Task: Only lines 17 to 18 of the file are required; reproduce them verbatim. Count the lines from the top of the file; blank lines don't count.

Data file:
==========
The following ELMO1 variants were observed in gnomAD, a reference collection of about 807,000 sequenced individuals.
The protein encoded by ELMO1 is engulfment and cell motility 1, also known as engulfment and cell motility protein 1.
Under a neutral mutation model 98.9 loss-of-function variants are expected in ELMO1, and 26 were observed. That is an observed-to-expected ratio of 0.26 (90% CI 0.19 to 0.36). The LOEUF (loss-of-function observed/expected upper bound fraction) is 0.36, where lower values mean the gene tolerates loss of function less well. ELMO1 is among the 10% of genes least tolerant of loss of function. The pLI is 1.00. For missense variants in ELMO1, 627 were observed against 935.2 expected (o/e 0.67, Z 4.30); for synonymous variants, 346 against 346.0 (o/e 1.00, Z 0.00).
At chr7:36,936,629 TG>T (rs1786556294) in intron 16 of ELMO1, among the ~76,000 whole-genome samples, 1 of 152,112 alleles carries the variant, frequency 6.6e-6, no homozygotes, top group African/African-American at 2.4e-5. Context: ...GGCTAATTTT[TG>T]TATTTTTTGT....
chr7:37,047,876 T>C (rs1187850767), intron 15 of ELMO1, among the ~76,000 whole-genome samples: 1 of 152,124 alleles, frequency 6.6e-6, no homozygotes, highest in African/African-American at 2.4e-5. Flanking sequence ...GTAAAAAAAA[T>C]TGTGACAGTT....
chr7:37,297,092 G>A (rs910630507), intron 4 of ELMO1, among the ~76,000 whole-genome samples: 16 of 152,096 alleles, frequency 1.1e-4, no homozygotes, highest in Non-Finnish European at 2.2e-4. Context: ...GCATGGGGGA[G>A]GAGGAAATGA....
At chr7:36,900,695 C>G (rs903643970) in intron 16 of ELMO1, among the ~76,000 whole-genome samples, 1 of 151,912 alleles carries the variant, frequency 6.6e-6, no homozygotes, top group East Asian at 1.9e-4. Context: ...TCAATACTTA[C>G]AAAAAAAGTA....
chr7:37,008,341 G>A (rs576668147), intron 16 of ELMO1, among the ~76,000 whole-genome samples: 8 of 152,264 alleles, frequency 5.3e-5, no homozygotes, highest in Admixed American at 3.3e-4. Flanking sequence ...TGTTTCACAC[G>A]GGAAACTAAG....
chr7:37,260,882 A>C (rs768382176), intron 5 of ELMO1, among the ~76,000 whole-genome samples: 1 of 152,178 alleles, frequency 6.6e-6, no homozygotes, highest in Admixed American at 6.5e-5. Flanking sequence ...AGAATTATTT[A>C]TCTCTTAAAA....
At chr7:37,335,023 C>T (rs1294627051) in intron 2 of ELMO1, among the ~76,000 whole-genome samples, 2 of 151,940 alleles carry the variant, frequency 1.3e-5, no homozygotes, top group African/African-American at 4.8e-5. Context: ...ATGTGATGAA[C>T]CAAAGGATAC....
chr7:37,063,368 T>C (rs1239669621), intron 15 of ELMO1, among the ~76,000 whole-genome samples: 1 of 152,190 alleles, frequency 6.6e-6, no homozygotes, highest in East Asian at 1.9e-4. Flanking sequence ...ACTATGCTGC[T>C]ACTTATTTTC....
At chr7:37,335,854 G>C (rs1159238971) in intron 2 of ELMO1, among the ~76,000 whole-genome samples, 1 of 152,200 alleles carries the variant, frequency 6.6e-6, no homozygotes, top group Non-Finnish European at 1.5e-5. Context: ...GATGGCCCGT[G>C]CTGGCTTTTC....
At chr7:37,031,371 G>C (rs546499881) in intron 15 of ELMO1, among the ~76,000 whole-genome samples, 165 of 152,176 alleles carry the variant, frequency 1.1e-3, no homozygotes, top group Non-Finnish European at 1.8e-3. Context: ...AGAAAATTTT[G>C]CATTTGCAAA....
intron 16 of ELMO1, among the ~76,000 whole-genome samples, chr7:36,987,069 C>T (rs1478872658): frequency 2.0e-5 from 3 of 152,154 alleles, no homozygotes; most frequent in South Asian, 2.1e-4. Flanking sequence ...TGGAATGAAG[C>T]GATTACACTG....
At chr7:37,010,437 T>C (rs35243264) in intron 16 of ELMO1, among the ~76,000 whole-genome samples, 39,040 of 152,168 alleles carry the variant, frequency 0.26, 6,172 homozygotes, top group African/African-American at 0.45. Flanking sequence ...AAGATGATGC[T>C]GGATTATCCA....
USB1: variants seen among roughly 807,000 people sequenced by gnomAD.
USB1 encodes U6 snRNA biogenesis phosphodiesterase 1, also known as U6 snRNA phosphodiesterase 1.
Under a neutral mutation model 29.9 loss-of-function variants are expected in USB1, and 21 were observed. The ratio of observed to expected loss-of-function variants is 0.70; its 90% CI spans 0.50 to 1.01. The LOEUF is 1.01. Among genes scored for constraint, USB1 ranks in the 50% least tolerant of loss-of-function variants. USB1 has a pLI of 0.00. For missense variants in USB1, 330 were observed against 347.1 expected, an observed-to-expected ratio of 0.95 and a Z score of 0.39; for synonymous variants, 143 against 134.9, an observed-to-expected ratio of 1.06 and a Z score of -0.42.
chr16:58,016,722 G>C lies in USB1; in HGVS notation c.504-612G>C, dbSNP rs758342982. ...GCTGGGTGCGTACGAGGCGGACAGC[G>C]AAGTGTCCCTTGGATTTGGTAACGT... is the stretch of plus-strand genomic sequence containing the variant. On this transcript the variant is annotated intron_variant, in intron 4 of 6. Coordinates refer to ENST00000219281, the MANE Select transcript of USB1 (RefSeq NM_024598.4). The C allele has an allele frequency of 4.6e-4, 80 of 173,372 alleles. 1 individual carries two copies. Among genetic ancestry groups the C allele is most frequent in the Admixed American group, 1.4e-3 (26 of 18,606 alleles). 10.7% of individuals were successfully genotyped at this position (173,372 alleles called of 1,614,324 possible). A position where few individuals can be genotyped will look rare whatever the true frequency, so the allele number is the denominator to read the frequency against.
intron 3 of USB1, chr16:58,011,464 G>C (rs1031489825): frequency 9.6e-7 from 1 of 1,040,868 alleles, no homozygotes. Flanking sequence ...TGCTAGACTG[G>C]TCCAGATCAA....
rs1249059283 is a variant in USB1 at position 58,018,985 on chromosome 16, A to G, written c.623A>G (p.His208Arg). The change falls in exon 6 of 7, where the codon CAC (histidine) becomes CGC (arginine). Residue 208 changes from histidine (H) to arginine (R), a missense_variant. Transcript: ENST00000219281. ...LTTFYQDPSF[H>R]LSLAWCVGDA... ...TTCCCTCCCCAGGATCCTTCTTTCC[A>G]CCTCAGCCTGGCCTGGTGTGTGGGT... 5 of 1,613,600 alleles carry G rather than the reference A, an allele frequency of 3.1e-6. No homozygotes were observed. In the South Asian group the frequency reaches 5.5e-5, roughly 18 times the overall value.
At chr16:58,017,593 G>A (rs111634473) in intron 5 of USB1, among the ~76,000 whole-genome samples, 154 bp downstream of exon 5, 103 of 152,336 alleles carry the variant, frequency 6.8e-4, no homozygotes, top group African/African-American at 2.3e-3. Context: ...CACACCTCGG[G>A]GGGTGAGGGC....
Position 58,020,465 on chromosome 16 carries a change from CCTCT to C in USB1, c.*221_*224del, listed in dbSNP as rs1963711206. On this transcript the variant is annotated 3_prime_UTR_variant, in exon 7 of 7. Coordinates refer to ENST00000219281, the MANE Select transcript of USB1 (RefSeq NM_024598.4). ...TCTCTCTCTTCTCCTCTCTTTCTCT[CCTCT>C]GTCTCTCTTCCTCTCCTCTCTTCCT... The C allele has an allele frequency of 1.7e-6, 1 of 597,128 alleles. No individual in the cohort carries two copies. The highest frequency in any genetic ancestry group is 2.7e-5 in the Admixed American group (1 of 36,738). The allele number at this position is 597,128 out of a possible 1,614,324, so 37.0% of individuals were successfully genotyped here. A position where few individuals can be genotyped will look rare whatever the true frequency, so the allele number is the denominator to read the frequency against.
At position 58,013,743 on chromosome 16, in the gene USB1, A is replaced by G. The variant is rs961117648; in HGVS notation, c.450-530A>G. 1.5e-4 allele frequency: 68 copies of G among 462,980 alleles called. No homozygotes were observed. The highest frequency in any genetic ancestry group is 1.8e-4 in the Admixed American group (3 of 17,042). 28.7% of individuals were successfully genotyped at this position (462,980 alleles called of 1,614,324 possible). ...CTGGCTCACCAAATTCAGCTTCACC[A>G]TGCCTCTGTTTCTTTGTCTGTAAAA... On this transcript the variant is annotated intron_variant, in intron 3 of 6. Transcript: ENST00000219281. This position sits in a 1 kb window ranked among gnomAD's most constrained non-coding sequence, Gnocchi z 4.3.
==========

USB1 encodes U6 snRNA biogenesis phosphodiesterase 1, also known as U6 snRNA phosphodiesterase 1.
Under a neutral mutation model 29.9 loss-of-function variants are expected in USB1, and 21 were observed. The ratio of observed to expected loss-of-function variants is 0.70; its 90% CI spans 0.50 to 1.01. The LOEUF is 1.01. Among genes scored for constraint, USB1 ranks in the 50% least tolerant of loss-of-function variants. USB1 has a pLI of 0.00. For missense variants in USB1, 330 were observed against 347.1 expected, an observed-to-expected ratio of 0.95 and a Z score of 0.39; for synonymous variants, 143 against 134.9, an observed-to-expected ratio of 1.06 and a Z score of -0.42.